Occupational Personality Types

Occupational Personality Types

R = Realistic (Physical activities that require skill, strength and cooperation) I = Investigative (Activities that involve thinking, organizing and understanding) A = Artistic (Ambiguous and unsystematic activities that allow creative expression) S = Social (Activities that involve helping and developing others)

E = Enterprising (Verbal activities in which there are opportunities to influence and attain power C = Conventional.

Personality Type A people:

> seem to always be moving.

> usually walk and eat rapidly.

> are always trying to do several things at once.

> have problems relaxing, often feeling it is time wasted.

> are often obsessed with numbers and with trying to acquire things.

> Type B people:

> never suffer from a sense of time urgency with its accompanying impatience.

> feel no need to display or discuss either their achievements or accomplishments unless such exposure is demanded by the situation.

Big Five personality traits

big five personality traits peats

The big five personality traits

The Big Five personality traits, also known as the five-factor model (FFM) and the OCEAN model, is a taxonomy, or grouping, for Personality traits.

The five factors are:

  • Openness to experience (inventive/curious vs. consistent/cautious)
  • Conscientiousness (efficient/organized vs. easy-going/careless)
  • Extraversion (outgoing/energetic vs. solitary/reserved)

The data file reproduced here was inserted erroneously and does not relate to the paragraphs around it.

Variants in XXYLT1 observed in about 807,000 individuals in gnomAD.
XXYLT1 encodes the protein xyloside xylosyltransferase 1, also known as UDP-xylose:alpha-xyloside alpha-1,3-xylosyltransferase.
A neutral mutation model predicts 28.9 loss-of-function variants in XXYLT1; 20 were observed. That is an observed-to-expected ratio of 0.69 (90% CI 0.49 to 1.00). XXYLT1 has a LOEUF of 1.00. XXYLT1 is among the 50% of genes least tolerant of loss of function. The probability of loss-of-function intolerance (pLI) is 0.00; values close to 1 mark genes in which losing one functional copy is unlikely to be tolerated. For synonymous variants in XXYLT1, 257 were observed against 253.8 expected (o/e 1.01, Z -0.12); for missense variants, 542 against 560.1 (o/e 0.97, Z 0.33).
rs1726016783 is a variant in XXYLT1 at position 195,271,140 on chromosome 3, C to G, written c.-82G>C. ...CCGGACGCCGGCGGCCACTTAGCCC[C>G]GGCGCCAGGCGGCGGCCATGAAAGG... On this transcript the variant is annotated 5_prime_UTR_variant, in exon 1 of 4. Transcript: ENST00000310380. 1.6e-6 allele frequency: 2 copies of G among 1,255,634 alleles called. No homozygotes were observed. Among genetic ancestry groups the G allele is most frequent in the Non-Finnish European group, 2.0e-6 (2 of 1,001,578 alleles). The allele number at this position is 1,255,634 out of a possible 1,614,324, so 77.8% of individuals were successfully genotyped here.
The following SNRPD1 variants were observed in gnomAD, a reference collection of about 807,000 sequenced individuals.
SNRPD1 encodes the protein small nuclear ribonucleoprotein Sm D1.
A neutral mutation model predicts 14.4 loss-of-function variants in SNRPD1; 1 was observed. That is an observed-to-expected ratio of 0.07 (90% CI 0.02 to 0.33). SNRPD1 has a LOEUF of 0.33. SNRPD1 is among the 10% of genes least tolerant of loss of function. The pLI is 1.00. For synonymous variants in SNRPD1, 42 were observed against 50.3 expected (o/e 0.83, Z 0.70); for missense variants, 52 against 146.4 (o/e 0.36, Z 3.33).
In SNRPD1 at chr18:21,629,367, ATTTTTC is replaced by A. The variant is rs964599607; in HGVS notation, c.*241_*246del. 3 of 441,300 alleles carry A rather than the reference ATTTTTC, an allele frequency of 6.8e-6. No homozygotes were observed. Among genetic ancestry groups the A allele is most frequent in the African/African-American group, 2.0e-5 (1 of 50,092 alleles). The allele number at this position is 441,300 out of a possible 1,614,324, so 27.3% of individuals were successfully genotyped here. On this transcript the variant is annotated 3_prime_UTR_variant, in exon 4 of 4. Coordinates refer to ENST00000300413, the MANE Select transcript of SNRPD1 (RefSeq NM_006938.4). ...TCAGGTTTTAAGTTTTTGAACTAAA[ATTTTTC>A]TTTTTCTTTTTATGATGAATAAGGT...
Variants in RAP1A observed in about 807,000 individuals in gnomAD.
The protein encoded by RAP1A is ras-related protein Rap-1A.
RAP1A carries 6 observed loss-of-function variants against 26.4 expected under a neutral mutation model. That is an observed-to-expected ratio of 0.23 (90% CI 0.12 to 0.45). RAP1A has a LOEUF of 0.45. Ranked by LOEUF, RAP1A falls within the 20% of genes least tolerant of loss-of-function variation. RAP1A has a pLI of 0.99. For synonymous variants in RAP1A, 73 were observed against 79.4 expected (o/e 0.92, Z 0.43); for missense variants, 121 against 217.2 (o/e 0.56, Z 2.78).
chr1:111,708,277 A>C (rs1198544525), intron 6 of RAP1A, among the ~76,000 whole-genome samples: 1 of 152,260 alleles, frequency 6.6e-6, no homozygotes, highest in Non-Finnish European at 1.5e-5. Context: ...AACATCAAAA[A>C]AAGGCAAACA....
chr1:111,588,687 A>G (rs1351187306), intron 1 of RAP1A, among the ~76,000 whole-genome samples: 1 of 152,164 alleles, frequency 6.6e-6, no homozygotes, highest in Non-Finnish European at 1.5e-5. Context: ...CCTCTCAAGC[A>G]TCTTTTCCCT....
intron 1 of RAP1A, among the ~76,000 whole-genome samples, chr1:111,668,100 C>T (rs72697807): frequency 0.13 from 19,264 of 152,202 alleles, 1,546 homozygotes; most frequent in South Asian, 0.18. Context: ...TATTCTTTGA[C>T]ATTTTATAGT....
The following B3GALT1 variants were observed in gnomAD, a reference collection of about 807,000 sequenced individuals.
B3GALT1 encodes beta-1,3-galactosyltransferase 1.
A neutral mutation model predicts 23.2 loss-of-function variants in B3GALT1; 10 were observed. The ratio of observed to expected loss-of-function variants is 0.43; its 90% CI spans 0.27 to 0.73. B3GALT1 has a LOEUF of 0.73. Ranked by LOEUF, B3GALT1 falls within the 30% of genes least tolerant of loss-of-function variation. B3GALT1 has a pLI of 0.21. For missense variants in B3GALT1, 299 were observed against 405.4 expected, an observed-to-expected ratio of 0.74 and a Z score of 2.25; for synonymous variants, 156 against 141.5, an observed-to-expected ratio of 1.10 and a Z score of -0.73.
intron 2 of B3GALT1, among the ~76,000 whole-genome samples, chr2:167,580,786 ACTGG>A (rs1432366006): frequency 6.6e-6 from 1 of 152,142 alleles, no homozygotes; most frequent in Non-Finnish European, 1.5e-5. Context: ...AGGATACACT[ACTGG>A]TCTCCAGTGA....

• Agreeableness (friendly/compassionate vs. challenging/detached)
  • Neuroticism (sensitive/nervous vs. secure/confident)

The five factors are represented by the acronym OCEAN or CANOE. Beneath each proposed global factor, there are a number of correlated and more specific primary factors. For example, extraversion is said to include such related qualities as gregariousness, assertiveness, excitement seeking, warmth, activity, and positive emotions.[4]

Family life and the way someone was raised will also affect these traits. Twin studies and other research have shown that about half of the variation between individuals results from their genetics and half from their environments. Researchers have found conscientiousness, extraversion, openness to experience, and neuroticism to be relatively stable from childhood through adulthood.

Myers-Briggs Type Indicator (MBTI)

The Myers-Briggs Type Indicator (MBTI) personality framework is a theory of personality types that helps managers with job placement, conflict management, team building and career development.

What Is the MBTI

Carl Jung, a Swiss psychiatrist, felt that the population was based on two personality types: extraverted and introverted types. Extraversion is a preference indicating an individual is energized by interaction with other people. Introversion is a preference indicating an individual is energized by time alone.

Jung also discovered two types of perceiving (sensing and intuition) and two types of judgment (thinking and feeling). Perceiving is how we accumulate information, and judgment is how we make decisions. His theory is the main idea of the Myers-Briggs Type Indicator Instrument (MBTI), which is used in the business world for career counseling, developing management’s style, team building and conflict management. The MBTI helps explain individual differences and can aid businesses in developing and shaping their employees.